Aleliunas invested around €50,000 in cryptocurrency while €80,000 was transferred to an investment company in Dubai.

Pavola, Pavlov and Pavlova each allowed their bank accounts to be used to transfer between €18,000 and €20,000 between June and August 2017 to Dubai on behalf of Aleliunas.

John Byrne SC, for Aleliunas, told the court his client is anxious to take full responsibility and wishes to distance his family from the offending.

Det Sgt Carey agreed with Mr Byrne that his client exercised his right to silence about the ghost brokerage during interview, but provided valuable information.

It was further agreed that when multiple versions of the no claims bonus signed by BC appeared, this helped the insurance companies to “smell a rat”.

The witness agreed that Aleliunas is not suspected of involvement in organised crime or other criminal activities. It was also accepted that his plea was valuable to the prosecution.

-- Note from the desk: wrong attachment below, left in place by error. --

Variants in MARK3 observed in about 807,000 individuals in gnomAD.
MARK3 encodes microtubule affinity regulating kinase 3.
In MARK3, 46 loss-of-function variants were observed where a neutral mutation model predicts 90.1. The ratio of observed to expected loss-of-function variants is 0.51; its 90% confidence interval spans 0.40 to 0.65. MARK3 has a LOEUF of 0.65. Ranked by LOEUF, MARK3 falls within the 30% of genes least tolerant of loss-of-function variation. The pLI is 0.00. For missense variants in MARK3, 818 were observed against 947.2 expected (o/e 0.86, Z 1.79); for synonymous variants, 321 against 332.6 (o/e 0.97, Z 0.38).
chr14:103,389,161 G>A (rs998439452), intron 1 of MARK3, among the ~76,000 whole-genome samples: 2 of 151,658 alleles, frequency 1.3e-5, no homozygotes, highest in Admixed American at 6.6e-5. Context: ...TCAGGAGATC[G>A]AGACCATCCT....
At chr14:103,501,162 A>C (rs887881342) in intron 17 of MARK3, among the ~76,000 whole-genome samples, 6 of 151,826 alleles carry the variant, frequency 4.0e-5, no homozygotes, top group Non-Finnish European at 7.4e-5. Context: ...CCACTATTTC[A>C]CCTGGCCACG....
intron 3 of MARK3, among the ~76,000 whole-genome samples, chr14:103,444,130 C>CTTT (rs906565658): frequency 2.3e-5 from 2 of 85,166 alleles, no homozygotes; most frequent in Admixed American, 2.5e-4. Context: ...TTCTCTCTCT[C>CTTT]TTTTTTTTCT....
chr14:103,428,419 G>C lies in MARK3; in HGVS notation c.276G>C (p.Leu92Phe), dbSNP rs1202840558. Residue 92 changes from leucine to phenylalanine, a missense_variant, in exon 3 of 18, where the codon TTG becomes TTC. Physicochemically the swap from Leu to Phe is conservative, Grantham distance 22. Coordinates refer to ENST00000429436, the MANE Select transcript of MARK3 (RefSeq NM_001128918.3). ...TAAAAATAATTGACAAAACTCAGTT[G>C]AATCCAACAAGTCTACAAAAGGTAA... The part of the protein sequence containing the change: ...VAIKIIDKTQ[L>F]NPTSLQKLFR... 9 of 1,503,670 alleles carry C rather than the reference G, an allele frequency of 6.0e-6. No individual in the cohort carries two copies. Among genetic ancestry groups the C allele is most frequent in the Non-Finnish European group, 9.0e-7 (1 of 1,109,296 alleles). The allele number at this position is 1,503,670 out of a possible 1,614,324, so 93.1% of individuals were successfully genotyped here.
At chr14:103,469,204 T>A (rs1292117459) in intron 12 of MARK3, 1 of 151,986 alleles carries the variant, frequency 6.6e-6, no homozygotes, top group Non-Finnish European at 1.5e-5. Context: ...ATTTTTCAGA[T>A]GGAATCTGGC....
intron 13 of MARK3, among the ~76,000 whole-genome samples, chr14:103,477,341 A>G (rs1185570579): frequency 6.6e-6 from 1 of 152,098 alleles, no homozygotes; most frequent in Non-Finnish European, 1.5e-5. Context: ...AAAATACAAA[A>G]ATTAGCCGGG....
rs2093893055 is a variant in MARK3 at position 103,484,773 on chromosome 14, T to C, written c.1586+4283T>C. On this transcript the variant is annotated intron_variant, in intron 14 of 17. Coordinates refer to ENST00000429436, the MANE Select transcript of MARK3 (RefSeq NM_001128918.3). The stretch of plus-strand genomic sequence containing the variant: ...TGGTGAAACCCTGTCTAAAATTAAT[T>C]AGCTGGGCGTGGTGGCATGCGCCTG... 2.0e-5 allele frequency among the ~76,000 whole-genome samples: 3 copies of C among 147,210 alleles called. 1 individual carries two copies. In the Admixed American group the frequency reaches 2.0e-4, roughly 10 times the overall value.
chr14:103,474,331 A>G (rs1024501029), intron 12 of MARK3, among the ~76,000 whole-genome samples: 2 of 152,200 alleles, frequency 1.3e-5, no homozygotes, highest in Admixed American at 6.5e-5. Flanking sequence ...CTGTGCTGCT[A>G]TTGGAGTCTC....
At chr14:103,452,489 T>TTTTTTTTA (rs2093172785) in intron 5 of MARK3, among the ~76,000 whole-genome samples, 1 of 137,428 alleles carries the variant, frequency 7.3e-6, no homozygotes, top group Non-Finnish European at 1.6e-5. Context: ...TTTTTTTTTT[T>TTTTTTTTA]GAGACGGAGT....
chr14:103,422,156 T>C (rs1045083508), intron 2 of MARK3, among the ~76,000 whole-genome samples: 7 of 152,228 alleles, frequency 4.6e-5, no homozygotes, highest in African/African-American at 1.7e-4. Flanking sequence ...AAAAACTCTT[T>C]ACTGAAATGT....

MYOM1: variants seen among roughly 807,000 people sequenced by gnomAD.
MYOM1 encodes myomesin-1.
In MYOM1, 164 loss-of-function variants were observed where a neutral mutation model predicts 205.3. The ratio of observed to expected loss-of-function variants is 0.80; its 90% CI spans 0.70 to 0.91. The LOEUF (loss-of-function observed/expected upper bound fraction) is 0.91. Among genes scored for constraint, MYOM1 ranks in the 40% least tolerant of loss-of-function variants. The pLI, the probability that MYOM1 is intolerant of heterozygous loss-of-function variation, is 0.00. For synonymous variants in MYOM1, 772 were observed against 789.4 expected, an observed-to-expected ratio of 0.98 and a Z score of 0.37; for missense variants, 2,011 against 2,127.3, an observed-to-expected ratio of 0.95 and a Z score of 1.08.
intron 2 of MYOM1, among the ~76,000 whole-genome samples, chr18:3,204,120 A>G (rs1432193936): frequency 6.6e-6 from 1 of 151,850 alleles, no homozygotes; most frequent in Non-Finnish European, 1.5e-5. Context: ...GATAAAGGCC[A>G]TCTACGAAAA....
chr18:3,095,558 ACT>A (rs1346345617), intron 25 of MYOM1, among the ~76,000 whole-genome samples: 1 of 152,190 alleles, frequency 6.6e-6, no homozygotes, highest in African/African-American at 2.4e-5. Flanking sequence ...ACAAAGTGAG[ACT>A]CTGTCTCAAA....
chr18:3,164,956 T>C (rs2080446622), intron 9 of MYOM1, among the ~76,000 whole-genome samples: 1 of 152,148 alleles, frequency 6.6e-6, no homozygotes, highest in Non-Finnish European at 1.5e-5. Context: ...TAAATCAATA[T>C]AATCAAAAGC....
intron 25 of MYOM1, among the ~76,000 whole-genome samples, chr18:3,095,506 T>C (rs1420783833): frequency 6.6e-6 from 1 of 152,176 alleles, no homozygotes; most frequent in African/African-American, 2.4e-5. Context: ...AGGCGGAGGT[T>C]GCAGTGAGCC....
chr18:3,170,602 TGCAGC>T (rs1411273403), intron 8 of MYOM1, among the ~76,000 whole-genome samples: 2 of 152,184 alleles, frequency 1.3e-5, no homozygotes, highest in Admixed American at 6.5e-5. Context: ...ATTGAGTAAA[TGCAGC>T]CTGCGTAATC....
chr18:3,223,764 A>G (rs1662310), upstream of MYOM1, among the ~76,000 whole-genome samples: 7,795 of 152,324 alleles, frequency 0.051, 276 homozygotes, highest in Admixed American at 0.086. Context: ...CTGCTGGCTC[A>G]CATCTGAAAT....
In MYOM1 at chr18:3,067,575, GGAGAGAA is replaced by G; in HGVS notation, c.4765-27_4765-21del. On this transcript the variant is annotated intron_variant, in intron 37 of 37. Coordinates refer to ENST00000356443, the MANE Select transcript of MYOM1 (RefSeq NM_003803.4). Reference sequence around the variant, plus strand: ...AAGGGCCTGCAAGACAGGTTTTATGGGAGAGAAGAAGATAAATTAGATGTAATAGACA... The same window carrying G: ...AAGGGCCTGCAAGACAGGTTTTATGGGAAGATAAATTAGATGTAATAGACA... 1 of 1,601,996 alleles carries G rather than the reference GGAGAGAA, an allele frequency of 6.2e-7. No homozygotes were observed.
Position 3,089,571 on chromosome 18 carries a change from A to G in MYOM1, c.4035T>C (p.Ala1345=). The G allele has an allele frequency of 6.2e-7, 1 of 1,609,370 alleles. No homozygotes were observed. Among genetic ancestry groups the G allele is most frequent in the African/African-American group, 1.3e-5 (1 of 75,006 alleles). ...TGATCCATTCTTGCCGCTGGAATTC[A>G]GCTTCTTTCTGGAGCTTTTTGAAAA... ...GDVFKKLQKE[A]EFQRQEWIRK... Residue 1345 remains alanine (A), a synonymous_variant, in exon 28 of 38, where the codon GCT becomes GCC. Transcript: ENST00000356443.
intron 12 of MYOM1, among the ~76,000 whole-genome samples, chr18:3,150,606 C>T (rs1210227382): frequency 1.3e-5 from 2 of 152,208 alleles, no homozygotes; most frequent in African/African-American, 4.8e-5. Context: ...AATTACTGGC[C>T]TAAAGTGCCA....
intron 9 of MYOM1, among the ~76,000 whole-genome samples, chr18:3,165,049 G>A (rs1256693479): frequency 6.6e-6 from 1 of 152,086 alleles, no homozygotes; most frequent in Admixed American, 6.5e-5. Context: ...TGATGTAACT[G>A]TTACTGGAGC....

Mr Byrne suggested that some of the policyholders were aware that Aleliunas was not a legitimate broker. Det Sgt Carey said it would be “foolish” to think that none were aware, but the majority genuinely believed it was legitimate.

Det Sgt Carey agreed with Eoghan Cole SC, defending Pavola that her role was limited to allowing her account be used as a vehicle for the transfer of money.

It was further accepted that she has a good work history and runs a compliant and legitimate beauty business.

He agreed with defence counsel for Pavlov and Pavlova that they had no obvious trappings of wealth, good work histories and no previous convictions.

All four of the accused are originally from Lithuania.

Mr Byrne asked the court to take into account that his client was the one who came up with the scam which “spiralled out of control”.